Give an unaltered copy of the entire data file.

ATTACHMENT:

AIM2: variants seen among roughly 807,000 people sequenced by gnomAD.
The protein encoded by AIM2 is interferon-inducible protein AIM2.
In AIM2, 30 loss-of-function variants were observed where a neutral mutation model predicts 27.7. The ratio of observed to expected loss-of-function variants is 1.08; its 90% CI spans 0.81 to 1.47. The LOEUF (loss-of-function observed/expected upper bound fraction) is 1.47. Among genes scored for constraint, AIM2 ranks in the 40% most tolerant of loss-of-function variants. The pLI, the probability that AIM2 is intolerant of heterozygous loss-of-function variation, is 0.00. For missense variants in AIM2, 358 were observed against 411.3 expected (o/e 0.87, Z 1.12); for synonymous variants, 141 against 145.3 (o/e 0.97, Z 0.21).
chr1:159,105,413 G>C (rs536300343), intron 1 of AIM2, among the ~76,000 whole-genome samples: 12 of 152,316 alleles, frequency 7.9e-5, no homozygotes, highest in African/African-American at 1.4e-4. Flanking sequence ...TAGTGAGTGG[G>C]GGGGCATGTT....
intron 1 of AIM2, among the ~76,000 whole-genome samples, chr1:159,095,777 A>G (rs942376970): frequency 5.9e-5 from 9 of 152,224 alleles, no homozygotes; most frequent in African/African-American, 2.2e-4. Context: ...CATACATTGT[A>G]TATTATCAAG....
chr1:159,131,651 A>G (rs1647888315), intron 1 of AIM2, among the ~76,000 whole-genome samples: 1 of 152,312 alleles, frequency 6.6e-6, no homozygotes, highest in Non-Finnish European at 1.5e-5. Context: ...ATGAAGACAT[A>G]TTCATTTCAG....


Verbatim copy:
AIM2: variants seen among roughly 807,000 people sequenced by gnomAD.
The protein encoded by AIM2 is interferon-inducible protein AIM2.
In AIM2, 30 loss-of-function variants were observed where a neutral mutation model predicts 27.7. The ratio of observed to expected loss-of-function variants is 1.08; its 90% CI spans 0.81 to 1.47. The LOEUF (loss-of-function observed/expected upper bound fraction) is 1.47. Among genes scored for constraint, AIM2 ranks in the 40% most tolerant of loss-of-function variants. The pLI, the probability that AIM2 is intolerant of heterozygous loss-of-function variation, is 0.00. For missense variants in AIM2, 358 were observed against 411.3 expected (o/e 0.87, Z 1.12); for synonymous variants, 141 against 145.3 (o/e 0.97, Z 0.21).
chr1:159,105,413 G>C (rs536300343), intron 1 of AIM2, among the ~76,000 whole-genome samples: 12 of 152,316 alleles, frequency 7.9e-5, no homozygotes, highest in African/African-American at 1.4e-4. Flanking sequence ...TAGTGAGTGG[G>C]GGGGCATGTT....
intron 1 of AIM2, among the ~76,000 whole-genome samples, chr1:159,095,777 A>G (rs942376970): frequency 5.9e-5 from 9 of 152,224 alleles, no homozygotes; most frequent in African/African-American, 2.2e-4. Context: ...CATACATTGT[A>G]TATTATCAAG....
chr1:159,131,651 A>G (rs1647888315), intron 1 of AIM2, among the ~76,000 whole-genome samples: 1 of 152,312 alleles, frequency 6.6e-6, no homozygotes, highest in Non-Finnish European at 1.5e-5. Context: ...ATGAAGACAT[A>G]TTCATTTCAG....